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Drug Effects on Heart Rate Variability

Updated: May 25

Reviewing a list of the medications and social drugs your client is currently taking is essential. They can individually and synergistically affect time-domain, frequency-domain, and nonlinear measurements. In some cases, different members of a drug class can produce different effects, like clozapine among antipsychotics. Individual responses to medications can vary widely and may depend on factors like dosage, individual physiology, and the presence of other medical conditions.

HRV ffects


Alcohol: Ethanol, a psychoactive substance characterized as a central nervous system depressant with the potential for addiction and physical dependence.

Alpha-1 blockers: Drugs that inhibit alpha-1 adrenergic receptors, resulting in vasodilation and reduced systemic vascular resistance and blood pressure; primarily used in managing hypertension and benign prostatic hyperplasia.

Amphetamine: Central nervous system stimulant that promotes neurotransmitter release, specifically dopamine, norepinephrine, and serotonin; used therapeutically to manage attention deficit hyperactivity disorder (ADHD) and narcolepsy.

Antidepressants: A broad class of medications designed to treat depressive disorders; function by altering neurotransmitter activity within the brain; types include SSRIs, SNRIs, tricyclics, and MAOIs.

Antiepileptics: Anticonvulsants are a diverse group of pharmacological agents used to prevent epileptic seizures.

Antipsychotics: Medications primarily used to manage psychosis, including delusions, hallucinations, paranoia, or disordered thought, principally in schizophrenia and bipolar disorder; work by modulating neurotransmitter activity.

Appetite suppressants: Pharmacologic agents that inhibit appetite, potentially leading to weight loss; commonly used in managing obesity.

Asthma drugs: A range of medications, including bronchodilators, corticosteroids, and leukotriene modifiers, used to control the symptoms of asthma by reducing inflammation and constriction in the lungs.

Benzodiazepines: Psychoactive drugs that enhance the effect of the neurotransmitter gamma-aminobutyric acid (GABA) at the GABA-A receptor, producing sedative, hypnotic, anxiolytic, anticonvulsant, and muscle relaxant effects.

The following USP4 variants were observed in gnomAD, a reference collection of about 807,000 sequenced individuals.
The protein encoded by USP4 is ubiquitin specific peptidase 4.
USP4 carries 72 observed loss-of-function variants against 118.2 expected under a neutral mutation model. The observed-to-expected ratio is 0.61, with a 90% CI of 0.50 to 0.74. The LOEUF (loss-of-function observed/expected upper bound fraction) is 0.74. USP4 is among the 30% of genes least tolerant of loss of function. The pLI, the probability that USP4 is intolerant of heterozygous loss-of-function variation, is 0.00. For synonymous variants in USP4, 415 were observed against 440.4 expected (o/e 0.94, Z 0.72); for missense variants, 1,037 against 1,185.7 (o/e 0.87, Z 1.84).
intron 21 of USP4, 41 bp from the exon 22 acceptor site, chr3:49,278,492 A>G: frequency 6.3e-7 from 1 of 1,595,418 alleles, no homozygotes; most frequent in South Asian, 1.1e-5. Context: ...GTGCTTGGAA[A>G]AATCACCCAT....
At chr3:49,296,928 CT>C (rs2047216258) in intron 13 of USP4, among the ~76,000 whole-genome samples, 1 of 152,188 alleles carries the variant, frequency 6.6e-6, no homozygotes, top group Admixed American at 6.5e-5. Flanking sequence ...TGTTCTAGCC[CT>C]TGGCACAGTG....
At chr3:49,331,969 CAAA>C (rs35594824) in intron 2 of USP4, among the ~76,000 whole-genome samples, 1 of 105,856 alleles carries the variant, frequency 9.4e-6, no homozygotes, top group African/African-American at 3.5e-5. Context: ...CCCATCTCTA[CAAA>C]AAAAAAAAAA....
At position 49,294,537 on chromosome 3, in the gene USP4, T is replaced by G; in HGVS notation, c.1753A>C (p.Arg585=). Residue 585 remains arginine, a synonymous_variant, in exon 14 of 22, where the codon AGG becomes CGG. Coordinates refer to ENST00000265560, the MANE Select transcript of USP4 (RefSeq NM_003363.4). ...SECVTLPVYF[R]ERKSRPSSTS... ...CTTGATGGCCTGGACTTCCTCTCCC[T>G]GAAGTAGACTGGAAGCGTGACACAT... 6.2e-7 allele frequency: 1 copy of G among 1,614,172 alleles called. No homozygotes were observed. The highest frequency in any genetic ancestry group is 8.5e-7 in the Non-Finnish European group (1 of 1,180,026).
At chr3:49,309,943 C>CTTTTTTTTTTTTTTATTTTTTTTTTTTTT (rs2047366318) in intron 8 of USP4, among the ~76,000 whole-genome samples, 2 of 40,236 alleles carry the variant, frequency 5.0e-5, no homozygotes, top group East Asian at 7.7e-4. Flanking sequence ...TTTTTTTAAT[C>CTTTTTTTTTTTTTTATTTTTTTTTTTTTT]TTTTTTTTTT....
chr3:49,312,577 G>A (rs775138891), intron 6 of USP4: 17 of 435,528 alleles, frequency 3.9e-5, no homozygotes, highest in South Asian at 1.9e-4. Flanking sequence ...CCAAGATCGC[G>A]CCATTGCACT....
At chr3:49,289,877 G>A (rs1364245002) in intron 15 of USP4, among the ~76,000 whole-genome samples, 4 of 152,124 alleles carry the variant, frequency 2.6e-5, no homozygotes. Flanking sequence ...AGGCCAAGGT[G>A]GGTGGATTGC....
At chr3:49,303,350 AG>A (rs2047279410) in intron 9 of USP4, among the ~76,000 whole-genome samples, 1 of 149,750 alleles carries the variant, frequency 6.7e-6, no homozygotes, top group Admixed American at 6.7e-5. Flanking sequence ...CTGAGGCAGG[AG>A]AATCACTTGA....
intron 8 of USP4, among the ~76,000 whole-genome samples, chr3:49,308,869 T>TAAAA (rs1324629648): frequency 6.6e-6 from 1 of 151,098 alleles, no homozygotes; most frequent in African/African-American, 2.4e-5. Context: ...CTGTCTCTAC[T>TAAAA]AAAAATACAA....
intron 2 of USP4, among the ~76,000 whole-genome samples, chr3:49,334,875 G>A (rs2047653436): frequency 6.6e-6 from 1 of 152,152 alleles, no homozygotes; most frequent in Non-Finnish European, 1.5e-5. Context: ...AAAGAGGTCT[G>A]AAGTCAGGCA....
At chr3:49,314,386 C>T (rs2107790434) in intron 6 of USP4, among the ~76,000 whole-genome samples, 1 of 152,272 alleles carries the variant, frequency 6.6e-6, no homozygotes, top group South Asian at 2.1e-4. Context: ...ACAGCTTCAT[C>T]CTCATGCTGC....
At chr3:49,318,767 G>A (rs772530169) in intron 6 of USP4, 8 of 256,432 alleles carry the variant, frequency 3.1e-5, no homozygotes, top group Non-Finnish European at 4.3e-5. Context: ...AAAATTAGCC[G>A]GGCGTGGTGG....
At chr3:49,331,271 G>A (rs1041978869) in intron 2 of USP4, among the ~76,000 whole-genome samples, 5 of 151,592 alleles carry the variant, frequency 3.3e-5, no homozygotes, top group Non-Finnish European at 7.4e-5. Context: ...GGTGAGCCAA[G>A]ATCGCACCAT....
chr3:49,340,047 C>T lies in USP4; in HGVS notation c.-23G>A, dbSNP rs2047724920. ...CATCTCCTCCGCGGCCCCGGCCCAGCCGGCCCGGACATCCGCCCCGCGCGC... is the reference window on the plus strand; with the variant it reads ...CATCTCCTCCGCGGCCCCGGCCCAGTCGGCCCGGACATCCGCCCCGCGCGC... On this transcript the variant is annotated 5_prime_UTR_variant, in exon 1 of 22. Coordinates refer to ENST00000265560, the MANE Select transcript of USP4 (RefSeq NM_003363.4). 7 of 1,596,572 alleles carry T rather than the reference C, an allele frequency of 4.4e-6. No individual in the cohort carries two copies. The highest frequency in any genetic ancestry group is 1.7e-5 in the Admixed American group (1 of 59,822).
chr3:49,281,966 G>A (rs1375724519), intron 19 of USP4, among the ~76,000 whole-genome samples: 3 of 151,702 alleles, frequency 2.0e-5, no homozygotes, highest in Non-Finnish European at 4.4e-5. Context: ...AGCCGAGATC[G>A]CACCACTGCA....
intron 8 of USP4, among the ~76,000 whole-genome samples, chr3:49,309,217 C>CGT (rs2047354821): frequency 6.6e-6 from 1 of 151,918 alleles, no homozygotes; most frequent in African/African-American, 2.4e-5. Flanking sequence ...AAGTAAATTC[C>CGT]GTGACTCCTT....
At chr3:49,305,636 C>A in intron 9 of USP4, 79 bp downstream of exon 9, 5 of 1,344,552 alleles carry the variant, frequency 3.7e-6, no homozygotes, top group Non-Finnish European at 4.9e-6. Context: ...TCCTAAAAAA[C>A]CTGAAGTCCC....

Beta-blockers: A class of medications predominantly used to manage abnormal heart rhythms and protect the heart from a second heart attack (myocardial infarction) after a first heart attack (secondary prevention). They work by blocking the effects of adrenaline on beta receptors, reducing heart rate and blood pressure.

Bupropion: A norepinephrine-dopamine reuptake inhibitor (NDRI) used for the management of major depressive disorder (MDD) and as an aid to smoking cessation.

Caffeine: A methylxanthine naturally occurring in some plants, with CNS-stimulating activity.

Calcium channel blockers: Drugs that disrupt the movement of calcium through calcium channels used in managing hypertension, angina pectoris, and some types of arrhythmia.

Cannabis: Marijuana is a plant that contains over 100 different chemical compounds called cannabinoids. The two most well-known cannabinoids are delta-9-tetrahydrocannabinol (THC) and cannabidiol (CBD). THC is the primary psychoactive compound that gives cannabis its mind-altering effects. In contrast, CBD is non-psychoactive and has been researched for its potential therapeutic effects on conditions like epilepsy, anxiety, and chronic pain.

CGRP blockers: Monoclonal antibodies targeting the calcitonin gene-related peptide or its receptor, used in the prophylaxis of migraine.

Cocaine: A powerful central nervous system stimulant and local anesthetic, specifically a dopamine reuptake inhibitor, leading to an accumulation of dopamine in the synapse and heightened neuronal activity.

Decongestants: Medications that relieve nasal congestion, primarily by constricting blood vessels in the nasal mucosa, reducing blood flow and subsequently decreasing swelling and inflammation.

Diuretics: Drugs that promote diuresis, the increased urine production, used in managing conditions such as hypertension, heart failure, and edema.

Flecainide: A class 1C antiarrhythmic drug that inhibits the rapid influx of sodium ions into cardiac muscle cells, slowing conduction velocity and stabilizing the heart rhythm.

Levothyroxine: A synthetic form of thyroxine (T4) used as a replacement therapy for hypothyroidism and a suppressive therapy in certain thyroid cancers.

Lithium: A mood stabilizer primarily used to manage bipolar disorder; it modulates neurotransmission pathways and alters intracellular signaling.

MAOI antidepressants: Monoamine oxidase inhibitors, a class of antidepressants that work by inhibiting the activity of one or both monoamine oxidase enzymes, leading to an increase in monoamine neurotransmitters (serotonin, norepinephrine, and dopamine).

Melatonin: A hormone produced by the pineal gland that regulates sleep-wake cycles; used therapeutically to treat insomnia and other sleep disorders.

Methamphetamine: A potent central nervous system stimulant that affects the release, reuptake, and metabolism of monoamine neurotransmitters, particularly dopamine; used clinically in treating ADHD and obesity, but also associated with illicit use and addiction.

Narcotics: A broad term often used to refer to opioids, a class of drugs that interact with opioid receptors in the brain to produce analgesic effects; used for pain management but also associated with high risk of addiction and overdose.